The state media are ignoring the reports, and search results for the words “Panama documents” have been blocked on websites and social media.
Iceland’s prime minister has vowed to not resign despite thousands of angry protesters demanded he step down and call new elections. The leaks showed possible links to an offshore company that could represent a serious conflict of interest.
And Ukraine’s president was accused of abusing his office and of tax evasion by moving his candy business offshore, possibly depriving the country of millions of dollars in taxes.
The reports are from a global group of news organizations working with the Washington-based International Consortium of Investigative Journalists. They have been processing the legal records from the Mossack Fonseca law firm that were first leaked to the German Sueddeutsche Zeitung newspaper.
Shell companies aren’t by themselves illegal. People or companies might use them to reduce their tax bill legally, by benefiting from low tax rates in countries like Panama, the Cayman Islands and Bermuda. But the practice is frowned upon, particularly when used by politicians, who then face criticism for not contributing to their own countries’ economies.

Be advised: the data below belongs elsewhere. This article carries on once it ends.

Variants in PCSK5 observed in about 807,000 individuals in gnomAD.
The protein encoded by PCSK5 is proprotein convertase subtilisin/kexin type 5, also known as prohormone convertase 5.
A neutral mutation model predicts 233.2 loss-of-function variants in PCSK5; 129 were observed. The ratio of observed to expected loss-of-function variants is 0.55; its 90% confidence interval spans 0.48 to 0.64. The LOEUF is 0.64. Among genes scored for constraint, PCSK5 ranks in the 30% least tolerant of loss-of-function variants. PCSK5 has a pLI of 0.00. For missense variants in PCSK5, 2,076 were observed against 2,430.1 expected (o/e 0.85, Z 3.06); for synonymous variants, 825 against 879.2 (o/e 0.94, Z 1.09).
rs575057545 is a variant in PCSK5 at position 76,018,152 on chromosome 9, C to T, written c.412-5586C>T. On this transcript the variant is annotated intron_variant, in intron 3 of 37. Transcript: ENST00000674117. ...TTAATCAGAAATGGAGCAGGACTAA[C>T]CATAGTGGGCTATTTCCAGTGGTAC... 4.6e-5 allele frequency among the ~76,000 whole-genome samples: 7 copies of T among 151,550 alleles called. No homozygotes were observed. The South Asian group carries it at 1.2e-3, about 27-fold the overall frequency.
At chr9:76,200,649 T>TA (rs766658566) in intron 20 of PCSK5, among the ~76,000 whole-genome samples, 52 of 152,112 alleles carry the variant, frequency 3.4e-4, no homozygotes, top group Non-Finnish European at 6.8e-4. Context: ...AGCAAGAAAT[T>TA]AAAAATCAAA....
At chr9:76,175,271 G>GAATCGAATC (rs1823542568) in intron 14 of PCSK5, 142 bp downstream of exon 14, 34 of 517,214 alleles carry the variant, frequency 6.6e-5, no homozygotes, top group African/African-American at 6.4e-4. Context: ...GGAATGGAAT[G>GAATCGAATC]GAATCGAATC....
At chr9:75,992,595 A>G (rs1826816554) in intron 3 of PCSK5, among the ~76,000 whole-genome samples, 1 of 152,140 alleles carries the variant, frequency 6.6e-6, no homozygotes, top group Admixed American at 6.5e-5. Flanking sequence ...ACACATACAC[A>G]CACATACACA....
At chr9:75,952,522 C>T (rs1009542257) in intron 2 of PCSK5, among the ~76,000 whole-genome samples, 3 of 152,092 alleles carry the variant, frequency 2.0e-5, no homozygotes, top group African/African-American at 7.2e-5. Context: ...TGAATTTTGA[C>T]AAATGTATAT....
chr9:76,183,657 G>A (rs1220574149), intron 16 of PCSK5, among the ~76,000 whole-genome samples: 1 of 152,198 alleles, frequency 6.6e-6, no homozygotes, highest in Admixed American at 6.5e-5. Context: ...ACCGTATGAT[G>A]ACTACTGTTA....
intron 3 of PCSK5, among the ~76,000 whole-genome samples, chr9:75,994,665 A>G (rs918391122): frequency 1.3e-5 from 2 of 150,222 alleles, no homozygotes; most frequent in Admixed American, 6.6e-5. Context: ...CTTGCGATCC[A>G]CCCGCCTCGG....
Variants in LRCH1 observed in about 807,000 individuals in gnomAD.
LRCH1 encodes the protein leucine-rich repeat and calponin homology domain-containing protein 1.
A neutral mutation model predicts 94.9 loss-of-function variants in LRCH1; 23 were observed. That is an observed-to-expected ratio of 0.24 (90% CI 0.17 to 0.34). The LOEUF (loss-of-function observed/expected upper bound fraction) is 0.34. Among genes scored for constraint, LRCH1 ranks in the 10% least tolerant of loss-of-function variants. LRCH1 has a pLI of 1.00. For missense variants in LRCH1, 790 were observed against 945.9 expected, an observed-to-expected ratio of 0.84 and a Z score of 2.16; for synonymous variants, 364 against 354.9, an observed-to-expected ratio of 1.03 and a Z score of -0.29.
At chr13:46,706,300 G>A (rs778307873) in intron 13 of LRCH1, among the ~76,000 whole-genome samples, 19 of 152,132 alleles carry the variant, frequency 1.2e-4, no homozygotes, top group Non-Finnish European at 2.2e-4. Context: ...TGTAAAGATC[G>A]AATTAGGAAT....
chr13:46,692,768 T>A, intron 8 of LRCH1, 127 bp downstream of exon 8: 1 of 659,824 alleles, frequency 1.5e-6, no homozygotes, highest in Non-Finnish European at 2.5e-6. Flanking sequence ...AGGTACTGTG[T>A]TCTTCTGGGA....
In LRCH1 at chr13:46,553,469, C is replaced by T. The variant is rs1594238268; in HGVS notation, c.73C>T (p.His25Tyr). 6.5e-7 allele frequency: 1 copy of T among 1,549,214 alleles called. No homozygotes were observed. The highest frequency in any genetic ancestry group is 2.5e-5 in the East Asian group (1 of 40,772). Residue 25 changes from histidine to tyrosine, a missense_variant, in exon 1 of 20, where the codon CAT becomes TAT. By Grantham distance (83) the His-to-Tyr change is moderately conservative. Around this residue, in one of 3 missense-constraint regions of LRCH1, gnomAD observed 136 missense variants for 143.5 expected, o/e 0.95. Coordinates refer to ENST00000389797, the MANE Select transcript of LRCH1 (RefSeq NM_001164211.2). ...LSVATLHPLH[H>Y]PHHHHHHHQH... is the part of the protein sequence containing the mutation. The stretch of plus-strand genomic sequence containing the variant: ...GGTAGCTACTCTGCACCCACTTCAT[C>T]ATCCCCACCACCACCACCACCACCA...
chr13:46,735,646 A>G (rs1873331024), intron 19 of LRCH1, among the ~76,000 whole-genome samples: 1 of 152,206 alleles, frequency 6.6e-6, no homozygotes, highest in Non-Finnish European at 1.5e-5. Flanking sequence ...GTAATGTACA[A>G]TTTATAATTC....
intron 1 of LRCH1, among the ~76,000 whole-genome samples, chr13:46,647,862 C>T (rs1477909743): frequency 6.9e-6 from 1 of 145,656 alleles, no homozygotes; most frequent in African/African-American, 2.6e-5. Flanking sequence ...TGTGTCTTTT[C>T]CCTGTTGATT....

Because offshore accounts and companies also hide the names of the ultimate owners of investments, they can be used to illegally evade taxes or launder money.
Mossack Fonseca says it obeys all laws relating to company registrations and does not advise people how to evade taxes.
The firm said in a statement that “our industry is not particularly well understood by the public, and unfortunately this series of articles will only serve to deepen that confusion.